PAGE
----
Impressed with this new information I stored it in my mind, only to discover that I had occasion to retrieve it far sooner than I might have expected. As part of a worksheet exercise in class one day, there was a question that asked ‘What is a prune?’ Before learning from my father about the Zen of prunes, I too would have answered, ‘a dried plum’. Equipped with this new counter-intuitive knowledge, however, I insisted that, ‘Prunes are prunes’, and nothing would dissuade me from my conviction.
The teacher tried very hard to convince me, even going so far as to show me a concise dictionary entry which stated that a prune was indeed ‘a dried plum’. At that point I conceded—outwardly, at least. On the way home from school, I continued the discussion with my friend. I said that I wasn’t entirely persuaded by the teacher’s proof because it was clear for anyone to see that prune pits were quite a different shape to those of plums: prune pits were more oval and had sharp pointed ends, while plum pits were round.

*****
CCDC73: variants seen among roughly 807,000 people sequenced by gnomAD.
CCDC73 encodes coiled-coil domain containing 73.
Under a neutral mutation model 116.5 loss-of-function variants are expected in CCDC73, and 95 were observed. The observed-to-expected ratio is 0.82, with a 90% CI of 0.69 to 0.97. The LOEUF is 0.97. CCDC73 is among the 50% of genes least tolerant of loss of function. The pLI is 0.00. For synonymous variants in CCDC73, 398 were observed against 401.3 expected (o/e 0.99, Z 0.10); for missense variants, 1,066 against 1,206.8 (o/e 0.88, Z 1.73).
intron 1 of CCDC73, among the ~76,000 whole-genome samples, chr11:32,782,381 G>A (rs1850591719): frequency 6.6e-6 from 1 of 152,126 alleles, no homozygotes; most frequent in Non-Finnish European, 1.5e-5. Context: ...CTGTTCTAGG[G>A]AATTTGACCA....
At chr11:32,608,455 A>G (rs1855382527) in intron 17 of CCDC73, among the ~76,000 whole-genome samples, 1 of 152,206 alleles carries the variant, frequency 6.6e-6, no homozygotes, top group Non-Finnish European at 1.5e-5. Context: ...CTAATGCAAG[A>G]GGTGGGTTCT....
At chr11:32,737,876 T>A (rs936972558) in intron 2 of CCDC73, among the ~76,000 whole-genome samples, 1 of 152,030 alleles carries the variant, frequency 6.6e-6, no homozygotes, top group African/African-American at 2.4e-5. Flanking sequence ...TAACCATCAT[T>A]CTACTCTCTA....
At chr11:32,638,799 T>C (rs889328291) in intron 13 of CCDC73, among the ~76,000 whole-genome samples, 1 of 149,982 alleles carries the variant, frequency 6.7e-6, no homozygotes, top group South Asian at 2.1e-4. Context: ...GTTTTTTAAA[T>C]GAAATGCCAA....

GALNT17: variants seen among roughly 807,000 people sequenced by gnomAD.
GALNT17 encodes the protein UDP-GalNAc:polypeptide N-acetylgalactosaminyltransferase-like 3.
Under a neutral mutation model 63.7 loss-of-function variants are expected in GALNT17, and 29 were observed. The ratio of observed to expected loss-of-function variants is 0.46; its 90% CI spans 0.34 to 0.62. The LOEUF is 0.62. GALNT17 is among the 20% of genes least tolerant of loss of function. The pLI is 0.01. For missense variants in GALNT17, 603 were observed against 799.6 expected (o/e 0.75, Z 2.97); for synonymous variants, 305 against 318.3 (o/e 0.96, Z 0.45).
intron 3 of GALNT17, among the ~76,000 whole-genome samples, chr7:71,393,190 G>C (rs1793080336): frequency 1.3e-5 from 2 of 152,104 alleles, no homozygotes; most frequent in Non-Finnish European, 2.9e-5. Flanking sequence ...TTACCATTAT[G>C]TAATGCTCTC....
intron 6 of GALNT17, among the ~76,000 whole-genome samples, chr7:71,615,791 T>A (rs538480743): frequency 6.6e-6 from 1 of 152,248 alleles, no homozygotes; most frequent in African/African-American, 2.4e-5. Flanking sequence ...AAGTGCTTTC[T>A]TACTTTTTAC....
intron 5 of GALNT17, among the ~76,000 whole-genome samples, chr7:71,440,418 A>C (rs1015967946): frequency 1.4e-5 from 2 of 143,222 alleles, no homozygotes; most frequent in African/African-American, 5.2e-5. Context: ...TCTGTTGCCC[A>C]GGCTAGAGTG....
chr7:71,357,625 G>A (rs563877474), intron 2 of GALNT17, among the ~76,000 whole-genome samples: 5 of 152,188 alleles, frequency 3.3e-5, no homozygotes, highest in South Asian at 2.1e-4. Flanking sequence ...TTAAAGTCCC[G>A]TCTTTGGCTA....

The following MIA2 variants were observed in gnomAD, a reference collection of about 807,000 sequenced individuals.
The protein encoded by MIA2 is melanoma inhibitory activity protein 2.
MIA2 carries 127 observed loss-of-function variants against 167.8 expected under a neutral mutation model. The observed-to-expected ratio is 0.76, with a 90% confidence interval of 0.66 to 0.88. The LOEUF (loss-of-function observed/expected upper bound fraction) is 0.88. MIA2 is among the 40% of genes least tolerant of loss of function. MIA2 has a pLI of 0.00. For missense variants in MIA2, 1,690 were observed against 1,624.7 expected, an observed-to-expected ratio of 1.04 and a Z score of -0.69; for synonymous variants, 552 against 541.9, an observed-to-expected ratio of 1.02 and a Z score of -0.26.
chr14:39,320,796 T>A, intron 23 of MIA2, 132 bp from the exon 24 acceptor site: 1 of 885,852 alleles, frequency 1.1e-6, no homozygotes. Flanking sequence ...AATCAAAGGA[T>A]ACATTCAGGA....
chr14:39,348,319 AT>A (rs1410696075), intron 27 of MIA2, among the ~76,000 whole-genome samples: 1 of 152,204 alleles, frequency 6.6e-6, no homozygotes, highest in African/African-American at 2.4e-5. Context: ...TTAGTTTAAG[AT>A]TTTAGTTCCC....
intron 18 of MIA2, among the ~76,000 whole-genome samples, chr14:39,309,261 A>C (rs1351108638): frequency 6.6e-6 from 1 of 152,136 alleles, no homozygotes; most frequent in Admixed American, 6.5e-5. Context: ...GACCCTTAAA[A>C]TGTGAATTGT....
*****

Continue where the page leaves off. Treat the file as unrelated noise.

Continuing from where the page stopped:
Much to my chagrin, my friend didn't agree with me. I forget the exact details of her argument but she was more adamant than I was about the genealogy of the prune. I recall eventually admitting that perhaps prunes were dried plums, but wondered if she would concede that they weren’t the same variety of plum that we were familiar with in the fresh form? She never really did acknowledge my observation, and stubbornly insisted that I admit that prunes were dried plums without any mitigating details.
Since then, I hadn’t really thought of The Prune Incident, but I was reminded of it recently when I began buying trays of sugar plums from my favourite green grocer. I’d never tried this variety of plum before, but at $3.99 for 750g, they seemed worth trying.
After I ate the first one and saw the oblong shaped pit with pointy ends, I wondered if at last I had encountered the variety of plum that was the precursor of the prune as I knew it. I haven’t checked any sources, but I’m convinced the sugar plum is the prune plum.
Not only is the pit the right shape, but the shape and size of this plum are more similar to the dried prune than the large round variety of plum that was a treat every summer when I was growing up.
Just looking up ‘prune’ in another dictionary now, I see one of the definitions is:
prune³ proon, n a plum (obs); a dried plum; a plum suitable for drying (US)
Is it worth mentioning that prune can also mean ‘a dud